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NPR-A Legacy Wells Targeted for Cleanup

Funding for BLM resulted in strategic plan

BLM Map of NPR-A legacy wells.

BLM Map of NPR-A legacy wells.

Map courtesy of BLM

This summer the Bureau of Land Management (BLM) is targeting surface cleanup of high priority legacy wells in the National Petroleum Reserve-Alaska (NPR-A), with the majority of the remediation work to be contracted for winter. Of these 136 abandoned exploratory and scientific wells drilled by the federal government between 1944 and 1982, only 16 have been properly plugged and remediated to Alaska standards.

BLM became responsible for managing the NPR-A in 1976 and in 1982 inherited the responsibility to assess, plug, and clean up the abandoned wells. Today 18 wells are still being used by US Geological Survey for monitoring climate change. Some of the remaining wells are in various conditions of non-compliance with state law and require BLM remediation.

Cathy Foerster, Commissioner for the Alaska Oil and Gas Conservation Commission (AOGCC), has been working to get BLM to take responsibility for the cleanup since joining AOGCC in 2005. BLM told Foerster the agency had remediated the worst of the wells and had no money and no plans to do anything further.

“I pointed out to them that the wells were in violation of several Alaska regulations—and probably just as many federal regulations,” Foerster says. “The then-coordinator told me that since we were both regulatory bodies, the AOGCC shouldn’t hold the BLM to the same standards we hold industry to. My response was, if we held them [BLM] to a different standard, it should be a higher one.

“What most surprised me about the issue were the federal government’s cavalier attitude and hypocrisy,” Foerster says. “They turned their backs on wells leaking hydrocarbon liquids and gases and on sites littered with all kinds of hazardous and non-hazardous debris. Meanwhile they took steps to prohibit responsible oil and gas companies from developing any of ANWR and most of the NPR-A to ‘protect’ those areas from exactly the sort of thing the government has done and is allowing to continue in exactly the same areas.” Excuses given to Foerster ranged from “it’s too expensive” to “they’re in the middle of nowhere and not hurting anyone.”

 

Umiat #7 NPR-A legacy well during plug and abandonment work in 2012 winter.

Inset shows the marker plate identifying the well.

Photos courtesy of BLM

Raising Awareness

Realizing that there was no way to get BLM to take responsibility for the cleanup, Foerster decided to put the issue up for public scrutiny by taking it to the Alaska State Legislature, crossing paths with Representative Charisse Millett. “I wanted to know how to help BLM,” Millett says. “Cathy thought a resolution to point out the problem would be the best approach. Because Senator Murkowski’s office was also involved, the three of us wrote up a resolution raising awareness of the wells, and it passed unanimously.”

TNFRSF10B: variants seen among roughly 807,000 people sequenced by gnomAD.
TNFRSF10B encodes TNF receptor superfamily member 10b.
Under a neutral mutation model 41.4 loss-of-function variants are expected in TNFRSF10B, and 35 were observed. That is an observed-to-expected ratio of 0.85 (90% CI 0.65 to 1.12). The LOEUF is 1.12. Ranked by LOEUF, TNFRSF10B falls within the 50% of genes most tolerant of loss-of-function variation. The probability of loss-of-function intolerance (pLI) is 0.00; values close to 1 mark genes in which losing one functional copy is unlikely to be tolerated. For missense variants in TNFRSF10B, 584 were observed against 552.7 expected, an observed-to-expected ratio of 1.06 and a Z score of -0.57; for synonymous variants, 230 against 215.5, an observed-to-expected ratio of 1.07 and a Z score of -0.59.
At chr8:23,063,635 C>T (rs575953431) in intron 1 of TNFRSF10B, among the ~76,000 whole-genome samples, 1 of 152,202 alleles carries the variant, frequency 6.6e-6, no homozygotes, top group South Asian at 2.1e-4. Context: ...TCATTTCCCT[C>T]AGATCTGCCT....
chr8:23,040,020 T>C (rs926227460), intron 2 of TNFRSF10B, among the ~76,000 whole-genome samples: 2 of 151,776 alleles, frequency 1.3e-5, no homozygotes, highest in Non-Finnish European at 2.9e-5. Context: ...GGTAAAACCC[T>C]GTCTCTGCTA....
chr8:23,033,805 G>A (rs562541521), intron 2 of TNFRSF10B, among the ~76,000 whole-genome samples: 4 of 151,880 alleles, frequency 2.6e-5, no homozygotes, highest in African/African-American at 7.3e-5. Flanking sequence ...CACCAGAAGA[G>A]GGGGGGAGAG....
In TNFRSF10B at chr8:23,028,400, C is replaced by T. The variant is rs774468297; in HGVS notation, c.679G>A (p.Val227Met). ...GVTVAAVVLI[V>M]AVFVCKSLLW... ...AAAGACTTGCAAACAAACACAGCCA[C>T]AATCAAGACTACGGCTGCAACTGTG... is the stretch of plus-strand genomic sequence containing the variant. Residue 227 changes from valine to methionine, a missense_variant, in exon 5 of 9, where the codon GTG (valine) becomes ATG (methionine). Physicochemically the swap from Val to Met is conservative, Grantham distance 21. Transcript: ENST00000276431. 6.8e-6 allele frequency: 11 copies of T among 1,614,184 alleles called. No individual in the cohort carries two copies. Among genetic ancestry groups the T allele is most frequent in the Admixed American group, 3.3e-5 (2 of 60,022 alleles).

“Alaskans, myself included, have known about the legacy wells since the 1980s,” US Senator Lisa Murkowski says. “The last exploratory well the federal government actually drilled in the NPR-A was in 1981, and since then they’ve properly plugged 16 of 136 wells… If it were a private operator, and not the federal government, that was responsible for these abandoned wells, they’d owe the state of Alaska millions of dollars in environmental fines. It’s disappointing. It’s unacceptable.”

Millett carried two resolutions in 2012 and 2013, respectively, urging BLM to properly plug the legacy wells as soon as possible in order to protect the environment in the Arctic region. The 2013 resolution further urged BLM to open new areas of the NPR-A for environmentally responsible oil and gas development. In 2013, the resolution also replaced the term “legacy” with “travesty” to make it clear nothing about the wells qualifies them for historic site designation and to prevent any misconception that the wells were harmless.

At the urging of Murkowski, a full committee hearing was called by the US Senate Energy and Natural Resources Committee, of which she is a ranking member. Millett and Foerster both testified. “We brought pictures of some of the wells and core wells from the sites—trash, barrels, piping, the worst of the worst,” Millett says. “The travesty is that folks in the North Slope live in proximity to these wells.”

After the energy hearing, AOGCC and BLM began coordinating and categorizing the wells to get agreement on how to move forward. The result was BLM’s 2013 Legacy Well Summary Report, which took all existing information from industry and other publications and combined it to rank each site according to specific criteria.